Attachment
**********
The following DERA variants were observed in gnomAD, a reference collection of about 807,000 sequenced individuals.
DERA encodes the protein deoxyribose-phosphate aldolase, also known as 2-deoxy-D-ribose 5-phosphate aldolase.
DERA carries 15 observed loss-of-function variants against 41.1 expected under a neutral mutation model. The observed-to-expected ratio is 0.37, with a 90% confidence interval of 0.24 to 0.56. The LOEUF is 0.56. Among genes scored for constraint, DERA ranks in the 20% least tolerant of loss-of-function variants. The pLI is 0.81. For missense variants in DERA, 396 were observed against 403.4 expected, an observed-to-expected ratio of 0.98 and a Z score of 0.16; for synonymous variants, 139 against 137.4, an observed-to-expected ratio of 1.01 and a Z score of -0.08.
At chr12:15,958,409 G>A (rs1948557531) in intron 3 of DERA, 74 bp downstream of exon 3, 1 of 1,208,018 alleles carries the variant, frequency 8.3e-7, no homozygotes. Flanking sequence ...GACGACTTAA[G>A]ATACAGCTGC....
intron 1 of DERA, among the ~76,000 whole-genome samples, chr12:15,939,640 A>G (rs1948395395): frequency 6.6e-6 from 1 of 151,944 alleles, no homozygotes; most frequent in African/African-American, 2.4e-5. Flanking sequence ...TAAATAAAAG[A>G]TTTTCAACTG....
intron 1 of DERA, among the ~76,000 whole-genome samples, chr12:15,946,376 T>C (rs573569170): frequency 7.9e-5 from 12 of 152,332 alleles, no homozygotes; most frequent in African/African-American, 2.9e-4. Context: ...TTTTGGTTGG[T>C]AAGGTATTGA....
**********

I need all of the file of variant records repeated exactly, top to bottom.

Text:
The following DERA variants were observed in gnomAD, a reference collection of about 807,000 sequenced individuals.
DERA encodes the protein deoxyribose-phosphate aldolase, also known as 2-deoxy-D-ribose 5-phosphate aldolase.
DERA carries 15 observed loss-of-function variants against 41.1 expected under a neutral mutation model. The observed-to-expected ratio is 0.37, with a 90% confidence interval of 0.24 to 0.56. The LOEUF is 0.56. Among genes scored for constraint, DERA ranks in the 20% least tolerant of loss-of-function variants. The pLI is 0.81. For missense variants in DERA, 396 were observed against 403.4 expected, an observed-to-expected ratio of 0.98 and a Z score of 0.16; for synonymous variants, 139 against 137.4, an observed-to-expected ratio of 1.01 and a Z score of -0.08.
At chr12:15,958,409 G>A (rs1948557531) in intron 3 of DERA, 74 bp downstream of exon 3, 1 of 1,208,018 alleles carries the variant, frequency 8.3e-7, no homozygotes. Flanking sequence ...GACGACTTAA[G>A]ATACAGCTGC....
intron 1 of DERA, among the ~76,000 whole-genome samples, chr12:15,939,640 A>G (rs1948395395): frequency 6.6e-6 from 1 of 151,944 alleles, no homozygotes; most frequent in African/African-American, 2.4e-5. Flanking sequence ...TAAATAAAAG[A>G]TTTTCAACTG....
intron 1 of DERA, among the ~76,000 whole-genome samples, chr12:15,946,376 T>C (rs573569170): frequency 7.9e-5 from 12 of 152,332 alleles, no homozygotes; most frequent in African/African-American, 2.9e-4. Context: ...TTTTGGTTGG[T>C]AAGGTATTGA....